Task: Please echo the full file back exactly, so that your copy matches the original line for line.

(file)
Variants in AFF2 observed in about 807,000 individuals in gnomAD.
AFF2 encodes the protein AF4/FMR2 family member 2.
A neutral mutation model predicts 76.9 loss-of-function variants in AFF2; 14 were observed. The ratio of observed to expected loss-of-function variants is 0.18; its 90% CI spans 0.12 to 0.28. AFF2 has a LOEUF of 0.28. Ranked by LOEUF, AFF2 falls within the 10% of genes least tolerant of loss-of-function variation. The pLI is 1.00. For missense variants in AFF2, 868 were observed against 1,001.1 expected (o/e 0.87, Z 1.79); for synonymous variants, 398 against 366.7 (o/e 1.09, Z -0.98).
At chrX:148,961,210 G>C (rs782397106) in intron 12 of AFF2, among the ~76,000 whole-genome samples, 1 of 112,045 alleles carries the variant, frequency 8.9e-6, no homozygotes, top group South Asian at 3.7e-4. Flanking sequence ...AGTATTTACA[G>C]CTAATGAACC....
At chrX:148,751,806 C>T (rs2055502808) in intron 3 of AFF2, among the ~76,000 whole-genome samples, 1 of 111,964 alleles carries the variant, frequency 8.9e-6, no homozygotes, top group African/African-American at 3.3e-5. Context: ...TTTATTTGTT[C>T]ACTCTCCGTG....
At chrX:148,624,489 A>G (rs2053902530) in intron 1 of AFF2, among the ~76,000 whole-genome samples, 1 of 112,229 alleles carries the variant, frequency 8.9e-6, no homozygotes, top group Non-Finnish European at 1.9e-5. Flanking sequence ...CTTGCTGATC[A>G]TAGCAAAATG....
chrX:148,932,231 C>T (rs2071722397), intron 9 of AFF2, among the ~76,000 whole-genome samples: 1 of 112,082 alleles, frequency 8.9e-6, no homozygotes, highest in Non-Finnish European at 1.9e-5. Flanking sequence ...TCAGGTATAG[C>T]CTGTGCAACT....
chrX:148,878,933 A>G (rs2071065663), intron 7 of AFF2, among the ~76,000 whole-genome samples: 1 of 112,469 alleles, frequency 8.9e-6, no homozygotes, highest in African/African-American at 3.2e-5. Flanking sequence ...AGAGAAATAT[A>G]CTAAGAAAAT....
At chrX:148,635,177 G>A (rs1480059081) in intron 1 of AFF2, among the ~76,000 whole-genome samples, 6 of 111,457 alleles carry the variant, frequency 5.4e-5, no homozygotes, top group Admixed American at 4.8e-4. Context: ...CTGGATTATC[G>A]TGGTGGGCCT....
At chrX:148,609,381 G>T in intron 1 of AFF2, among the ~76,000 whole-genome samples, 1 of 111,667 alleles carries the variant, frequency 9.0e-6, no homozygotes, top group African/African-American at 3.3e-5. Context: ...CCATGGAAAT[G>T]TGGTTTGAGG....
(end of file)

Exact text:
Variants in AFF2 observed in about 807,000 individuals in gnomAD.
AFF2 encodes the protein AF4/FMR2 family member 2.
A neutral mutation model predicts 76.9 loss-of-function variants in AFF2; 14 were observed. The ratio of observed to expected loss-of-function variants is 0.18; its 90% CI spans 0.12 to 0.28. AFF2 has a LOEUF of 0.28. Ranked by LOEUF, AFF2 falls within the 10% of genes least tolerant of loss-of-function variation. The pLI is 1.00. For missense variants in AFF2, 868 were observed against 1,001.1 expected (o/e 0.87, Z 1.79); for synonymous variants, 398 against 366.7 (o/e 1.09, Z -0.98).
At chrX:148,961,210 G>C (rs782397106) in intron 12 of AFF2, among the ~76,000 whole-genome samples, 1 of 112,045 alleles carries the variant, frequency 8.9e-6, no homozygotes, top group South Asian at 3.7e-4. Flanking sequence ...AGTATTTACA[G>C]CTAATGAACC....
At chrX:148,751,806 C>T (rs2055502808) in intron 3 of AFF2, among the ~76,000 whole-genome samples, 1 of 111,964 alleles carries the variant, frequency 8.9e-6, no homozygotes, top group African/African-American at 3.3e-5. Context: ...TTTATTTGTT[C>T]ACTCTCCGTG....
At chrX:148,624,489 A>G (rs2053902530) in intron 1 of AFF2, among the ~76,000 whole-genome samples, 1 of 112,229 alleles carries the variant, frequency 8.9e-6, no homozygotes, top group Non-Finnish European at 1.9e-5. Flanking sequence ...CTTGCTGATC[A>G]TAGCAAAATG....
chrX:148,932,231 C>T (rs2071722397), intron 9 of AFF2, among the ~76,000 whole-genome samples: 1 of 112,082 alleles, frequency 8.9e-6, no homozygotes, highest in Non-Finnish European at 1.9e-5. Flanking sequence ...TCAGGTATAG[C>T]CTGTGCAACT....
chrX:148,878,933 A>G (rs2071065663), intron 7 of AFF2, among the ~76,000 whole-genome samples: 1 of 112,469 alleles, frequency 8.9e-6, no homozygotes, highest in African/African-American at 3.2e-5. Flanking sequence ...AGAGAAATAT[A>G]CTAAGAAAAT....
At chrX:148,635,177 G>A (rs1480059081) in intron 1 of AFF2, among the ~76,000 whole-genome samples, 6 of 111,457 alleles carry the variant, frequency 5.4e-5, no homozygotes, top group Admixed American at 4.8e-4. Context: ...CTGGATTATC[G>A]TGGTGGGCCT....
At chrX:148,609,381 G>T in intron 1 of AFF2, among the ~76,000 whole-genome samples, 1 of 111,667 alleles carries the variant, frequency 9.0e-6, no homozygotes, top group African/African-American at 3.3e-5. Context: ...CCATGGAAAT[G>T]TGGTTTGAGG....